An initiative that promotes better coordination amongst the law enforcement community is the Electronic Fingerprint Image Print Server (EFIPS). EFIPS is system for receiving electronic fingerprint submissions at FBI Headquarters and printing those submissions in a standard fingerprint card format. On August 23, 1995, EFIPS became operational. The Boston Police Department transmitted electronic fingerprint images to the FBI as the pilot agency for the EFIPS project. The first images received were for a suspect arrested and charged with armed robbery. Within approximately two hours of receipt of these images, the FBI notified the Boston Police Department that the arrestee's fingerprints matched a set of criminal prints on file and that he had several prior arrests, including one on an assault with intent to kill charge. Several State and Federal law enforcement agencies, and the Joint Automated Booking System, are expected to begin using EFIPS in 1996.

Under an agreement with the State of California's Department of Justice (CAL/DOJ), the INS began providing the fingerprint records of aliens deported through the Institutional Hearing Program (IHP). The CAL/DOJ enters the prints into the automated fingerprint identification system of the California Law Enforcement Telecommunications System (CLETS). As a result of this initiative, INS was notified of the arrests of 833 previously deported criminal aliens in California.

The INS expanded the pilot test of its Law Enforcement Support Center (LESC), which provides INS records on suspected alien criminals, to the entire State of Arizona and into the State of Iowa in 1995. The LESC, operated from a location in Burlington, Vermont, handled over 11,800 inquiries from law enforcement agencies and provided INS records on almost 5,300 individuals and over 4,000 criminal records.

Getting Into The Community Quickly

The FBI's Critical Incident Response Group (CIRG) provides rapid assistance to incidents of a crisis nature. The CIRG was established in May 1994 to furnish emergency response to terrorist activities, hostage taking, and other critical incidents. The CIRG is staffed with 126 Special Agents and 60 support personnel, comprising eight diverse units that provide operational support and training. Expertise is furnished in cases involving abduction or mysterious disappearance of children; crisis management; hostage negotiations; criminal investigative analysis; special weapons and tactics; and the assessment, selection, and training of FBI undercover employees.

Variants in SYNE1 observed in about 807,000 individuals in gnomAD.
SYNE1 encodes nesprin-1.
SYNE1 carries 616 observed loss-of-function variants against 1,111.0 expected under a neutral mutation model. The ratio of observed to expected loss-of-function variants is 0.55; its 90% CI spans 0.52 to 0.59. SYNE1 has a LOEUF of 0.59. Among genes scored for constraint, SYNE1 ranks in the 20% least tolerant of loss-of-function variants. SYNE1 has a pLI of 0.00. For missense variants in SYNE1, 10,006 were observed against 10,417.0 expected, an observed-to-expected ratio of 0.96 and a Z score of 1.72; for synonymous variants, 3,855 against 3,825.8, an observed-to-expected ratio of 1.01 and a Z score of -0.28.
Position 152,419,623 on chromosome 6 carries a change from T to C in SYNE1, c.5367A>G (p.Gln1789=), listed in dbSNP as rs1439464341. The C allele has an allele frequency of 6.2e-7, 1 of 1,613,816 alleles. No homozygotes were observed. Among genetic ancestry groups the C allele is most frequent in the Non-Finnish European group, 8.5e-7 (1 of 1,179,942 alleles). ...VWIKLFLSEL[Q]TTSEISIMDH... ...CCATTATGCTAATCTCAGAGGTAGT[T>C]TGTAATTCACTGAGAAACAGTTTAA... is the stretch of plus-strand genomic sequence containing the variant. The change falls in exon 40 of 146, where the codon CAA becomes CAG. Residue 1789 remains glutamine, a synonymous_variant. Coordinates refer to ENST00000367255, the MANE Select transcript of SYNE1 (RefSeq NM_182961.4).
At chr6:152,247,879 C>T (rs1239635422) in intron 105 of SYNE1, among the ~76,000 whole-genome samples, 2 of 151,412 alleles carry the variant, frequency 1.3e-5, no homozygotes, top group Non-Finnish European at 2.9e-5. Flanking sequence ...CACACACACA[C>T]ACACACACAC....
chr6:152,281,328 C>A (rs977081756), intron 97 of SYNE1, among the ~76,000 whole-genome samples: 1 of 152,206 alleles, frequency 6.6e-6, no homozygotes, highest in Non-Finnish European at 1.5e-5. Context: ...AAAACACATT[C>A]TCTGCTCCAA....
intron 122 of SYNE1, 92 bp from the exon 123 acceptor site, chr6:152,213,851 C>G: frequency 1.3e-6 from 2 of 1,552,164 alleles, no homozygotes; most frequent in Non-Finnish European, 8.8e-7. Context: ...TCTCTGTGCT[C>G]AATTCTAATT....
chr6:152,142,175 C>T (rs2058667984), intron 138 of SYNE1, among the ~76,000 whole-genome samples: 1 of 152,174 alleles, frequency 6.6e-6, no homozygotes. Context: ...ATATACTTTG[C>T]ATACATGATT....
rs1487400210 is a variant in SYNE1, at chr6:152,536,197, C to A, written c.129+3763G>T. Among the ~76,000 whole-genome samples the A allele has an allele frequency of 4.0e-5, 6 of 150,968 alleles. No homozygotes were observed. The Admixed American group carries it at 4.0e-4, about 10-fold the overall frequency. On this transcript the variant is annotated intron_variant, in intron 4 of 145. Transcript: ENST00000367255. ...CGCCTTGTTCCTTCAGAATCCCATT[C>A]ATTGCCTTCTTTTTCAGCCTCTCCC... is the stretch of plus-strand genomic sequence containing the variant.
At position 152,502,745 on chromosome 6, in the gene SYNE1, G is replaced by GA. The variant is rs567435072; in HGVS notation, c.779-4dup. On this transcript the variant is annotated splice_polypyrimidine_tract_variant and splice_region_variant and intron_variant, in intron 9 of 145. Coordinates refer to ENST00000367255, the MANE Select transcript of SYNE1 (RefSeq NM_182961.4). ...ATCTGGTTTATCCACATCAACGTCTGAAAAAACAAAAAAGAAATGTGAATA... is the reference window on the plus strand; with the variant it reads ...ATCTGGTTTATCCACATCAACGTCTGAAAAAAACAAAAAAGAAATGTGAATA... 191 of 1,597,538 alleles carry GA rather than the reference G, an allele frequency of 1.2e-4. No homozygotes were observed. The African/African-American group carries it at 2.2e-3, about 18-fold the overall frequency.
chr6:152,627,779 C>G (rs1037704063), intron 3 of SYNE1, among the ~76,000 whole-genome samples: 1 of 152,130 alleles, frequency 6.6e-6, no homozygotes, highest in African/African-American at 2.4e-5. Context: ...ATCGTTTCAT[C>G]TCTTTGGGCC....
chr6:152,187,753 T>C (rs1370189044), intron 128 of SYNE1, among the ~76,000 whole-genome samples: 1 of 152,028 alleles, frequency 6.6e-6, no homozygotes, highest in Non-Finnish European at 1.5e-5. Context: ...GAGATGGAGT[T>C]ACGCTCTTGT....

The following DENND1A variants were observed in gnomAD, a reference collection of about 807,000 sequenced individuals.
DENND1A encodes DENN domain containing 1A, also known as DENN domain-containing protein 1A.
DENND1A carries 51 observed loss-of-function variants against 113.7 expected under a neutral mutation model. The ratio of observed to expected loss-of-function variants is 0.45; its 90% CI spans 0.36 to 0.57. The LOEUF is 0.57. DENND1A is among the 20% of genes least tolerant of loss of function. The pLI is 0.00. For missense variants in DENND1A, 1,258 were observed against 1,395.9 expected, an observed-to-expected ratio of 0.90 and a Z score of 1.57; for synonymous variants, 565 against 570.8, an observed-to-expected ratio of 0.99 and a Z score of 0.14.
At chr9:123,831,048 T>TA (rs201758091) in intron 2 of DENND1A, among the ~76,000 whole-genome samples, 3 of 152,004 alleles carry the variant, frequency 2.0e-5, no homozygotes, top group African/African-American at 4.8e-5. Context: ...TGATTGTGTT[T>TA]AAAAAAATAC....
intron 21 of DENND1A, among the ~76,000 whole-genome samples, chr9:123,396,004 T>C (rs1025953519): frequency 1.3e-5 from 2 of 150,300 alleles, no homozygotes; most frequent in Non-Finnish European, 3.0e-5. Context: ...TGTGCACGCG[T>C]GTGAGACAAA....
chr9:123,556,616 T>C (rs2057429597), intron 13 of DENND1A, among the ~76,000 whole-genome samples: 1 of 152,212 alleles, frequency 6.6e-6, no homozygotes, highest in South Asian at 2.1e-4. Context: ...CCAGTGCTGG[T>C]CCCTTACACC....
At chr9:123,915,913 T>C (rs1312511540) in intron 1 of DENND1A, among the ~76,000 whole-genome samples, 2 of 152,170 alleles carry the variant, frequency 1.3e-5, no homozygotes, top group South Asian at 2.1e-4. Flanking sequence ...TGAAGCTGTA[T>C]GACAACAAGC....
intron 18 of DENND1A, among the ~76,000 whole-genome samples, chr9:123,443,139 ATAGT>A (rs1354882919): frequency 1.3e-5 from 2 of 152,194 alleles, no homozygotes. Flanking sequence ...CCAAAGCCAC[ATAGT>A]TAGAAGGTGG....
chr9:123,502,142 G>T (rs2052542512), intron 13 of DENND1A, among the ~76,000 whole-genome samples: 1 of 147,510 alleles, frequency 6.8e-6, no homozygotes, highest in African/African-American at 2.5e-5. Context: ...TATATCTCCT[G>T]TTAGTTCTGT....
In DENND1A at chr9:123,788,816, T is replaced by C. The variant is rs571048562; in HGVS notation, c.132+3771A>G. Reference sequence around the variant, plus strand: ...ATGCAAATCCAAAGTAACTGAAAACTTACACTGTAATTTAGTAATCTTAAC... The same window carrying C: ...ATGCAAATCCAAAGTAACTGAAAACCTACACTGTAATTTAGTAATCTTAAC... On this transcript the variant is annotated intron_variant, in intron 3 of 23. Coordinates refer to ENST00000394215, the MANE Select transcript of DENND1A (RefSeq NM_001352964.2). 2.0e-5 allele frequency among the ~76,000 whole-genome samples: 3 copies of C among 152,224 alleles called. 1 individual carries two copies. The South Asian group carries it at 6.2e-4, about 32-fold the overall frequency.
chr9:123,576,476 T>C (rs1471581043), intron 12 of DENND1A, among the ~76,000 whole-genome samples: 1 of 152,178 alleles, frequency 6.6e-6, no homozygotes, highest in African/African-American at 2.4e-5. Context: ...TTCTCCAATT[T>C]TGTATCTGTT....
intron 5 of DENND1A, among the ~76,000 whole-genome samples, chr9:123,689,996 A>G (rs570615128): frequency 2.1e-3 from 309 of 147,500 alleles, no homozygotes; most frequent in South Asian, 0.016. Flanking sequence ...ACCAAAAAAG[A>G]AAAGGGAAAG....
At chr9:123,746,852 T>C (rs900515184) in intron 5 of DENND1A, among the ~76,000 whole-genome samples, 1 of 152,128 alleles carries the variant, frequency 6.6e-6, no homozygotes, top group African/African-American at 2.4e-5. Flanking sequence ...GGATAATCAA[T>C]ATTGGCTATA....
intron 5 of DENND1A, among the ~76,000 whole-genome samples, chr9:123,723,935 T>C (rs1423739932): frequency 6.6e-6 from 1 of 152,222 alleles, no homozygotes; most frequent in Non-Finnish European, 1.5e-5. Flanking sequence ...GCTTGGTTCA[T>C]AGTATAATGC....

The CIRG provided crisis management assistance to the Oklahoma City bombing investigation by establishing the command post and providing operational guidance for the on-site investigation. The CIRG has also trained 521 FBI Agents and 823 law enforcement officers in crisis management and crisis negotiation. Several regional exercises have been conducted in preparation for the 1996 Olympics to be held in Atlanta.

The CIRG also provided assistance and investigative support in child abduction and serial killer cases. In 1995, they opened 99 new cases, including 42 stranger abductions of children and 36 cases of serial homicides. CIRG personnel were deployed in eight instances to provide on-site assistance to cases of child abduction or serial murder. During 1995, they addressed 30 police training conferences, composed of approximately 2,500 police officers in response to requests for information on child abduction and serial murder.

The Department also provided quick response to community needs through the efforts of the Community Relations Service (CRS). In one example, CRS monitored and assessed community racial tension throughout the O.J. Simpson trial in an effort to prevent community violence and ensure that when the jury was ready to consider and announce its verdict, the community would remain calm and maintain law and order. CRS also monitored protest demonstrations regarding the policing issues raised by the release of the Mark Fuhrman tapes during the trial.

Helping Victims of Crime

Through its Crime Victims Fund, the Office of Victims of Crime (OVC) awarded grants to States that paid for services that help victims of crime recover physically and financially from the devastating impact of crime, as well as provided funding to support national scope training and technical assistance. The total fines, penalty assessments, and bond forfeitures collected from convicted Federal defendants since 1985 and deposited in the Crime Victims Fund to support initiatives on behalf of crime victims exceeded the $1 billion mark in 1995.